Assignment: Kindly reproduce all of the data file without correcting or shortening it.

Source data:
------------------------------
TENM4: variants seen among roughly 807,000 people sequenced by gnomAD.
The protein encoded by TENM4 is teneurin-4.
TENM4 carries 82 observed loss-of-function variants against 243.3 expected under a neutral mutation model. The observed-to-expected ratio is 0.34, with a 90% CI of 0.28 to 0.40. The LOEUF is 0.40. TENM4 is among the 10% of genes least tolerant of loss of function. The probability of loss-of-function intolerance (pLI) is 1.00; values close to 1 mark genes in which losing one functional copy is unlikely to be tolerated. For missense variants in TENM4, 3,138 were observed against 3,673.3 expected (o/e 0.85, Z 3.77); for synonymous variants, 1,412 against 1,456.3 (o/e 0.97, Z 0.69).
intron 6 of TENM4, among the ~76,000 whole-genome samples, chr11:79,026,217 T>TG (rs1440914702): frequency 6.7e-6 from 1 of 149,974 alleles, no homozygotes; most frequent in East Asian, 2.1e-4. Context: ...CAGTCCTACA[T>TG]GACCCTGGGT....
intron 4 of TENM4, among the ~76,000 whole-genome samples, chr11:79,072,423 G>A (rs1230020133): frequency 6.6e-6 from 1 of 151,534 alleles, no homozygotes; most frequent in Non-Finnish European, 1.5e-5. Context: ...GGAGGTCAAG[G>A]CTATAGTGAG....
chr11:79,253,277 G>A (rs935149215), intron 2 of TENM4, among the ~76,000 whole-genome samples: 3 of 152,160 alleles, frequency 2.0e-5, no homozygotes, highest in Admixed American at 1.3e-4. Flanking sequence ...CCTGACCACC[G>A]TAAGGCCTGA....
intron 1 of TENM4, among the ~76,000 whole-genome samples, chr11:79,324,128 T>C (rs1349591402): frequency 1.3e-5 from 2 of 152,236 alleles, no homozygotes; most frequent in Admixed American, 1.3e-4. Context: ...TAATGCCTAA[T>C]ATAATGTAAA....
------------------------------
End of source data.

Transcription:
TENM4: variants seen among roughly 807,000 people sequenced by gnomAD.
The protein encoded by TENM4 is teneurin-4.
TENM4 carries 82 observed loss-of-function variants against 243.3 expected under a neutral mutation model. The observed-to-expected ratio is 0.34, with a 90% CI of 0.28 to 0.40. The LOEUF is 0.40. TENM4 is among the 10% of genes least tolerant of loss of function. The probability of loss-of-function intolerance (pLI) is 1.00; values close to 1 mark genes in which losing one functional copy is unlikely to be tolerated. For missense variants in TENM4, 3,138 were observed against 3,673.3 expected (o/e 0.85, Z 3.77); for synonymous variants, 1,412 against 1,456.3 (o/e 0.97, Z 0.69).
intron 6 of TENM4, among the ~76,000 whole-genome samples, chr11:79,026,217 T>TG (rs1440914702): frequency 6.7e-6 from 1 of 149,974 alleles, no homozygotes; most frequent in East Asian, 2.1e-4. Context: ...CAGTCCTACA[T>TG]GACCCTGGGT....
intron 4 of TENM4, among the ~76,000 whole-genome samples, chr11:79,072,423 G>A (rs1230020133): frequency 6.6e-6 from 1 of 151,534 alleles, no homozygotes; most frequent in Non-Finnish European, 1.5e-5. Context: ...GGAGGTCAAG[G>A]CTATAGTGAG....
chr11:79,253,277 G>A (rs935149215), intron 2 of TENM4, among the ~76,000 whole-genome samples: 3 of 152,160 alleles, frequency 2.0e-5, no homozygotes, highest in Admixed American at 1.3e-4. Flanking sequence ...CCTGACCACC[G>A]TAAGGCCTGA....
intron 1 of TENM4, among the ~76,000 whole-genome samples, chr11:79,324,128 T>C (rs1349591402): frequency 1.3e-5 from 2 of 152,236 alleles, no homozygotes; most frequent in Admixed American, 1.3e-4. Context: ...TAATGCCTAA[T>C]ATAATGTAAA....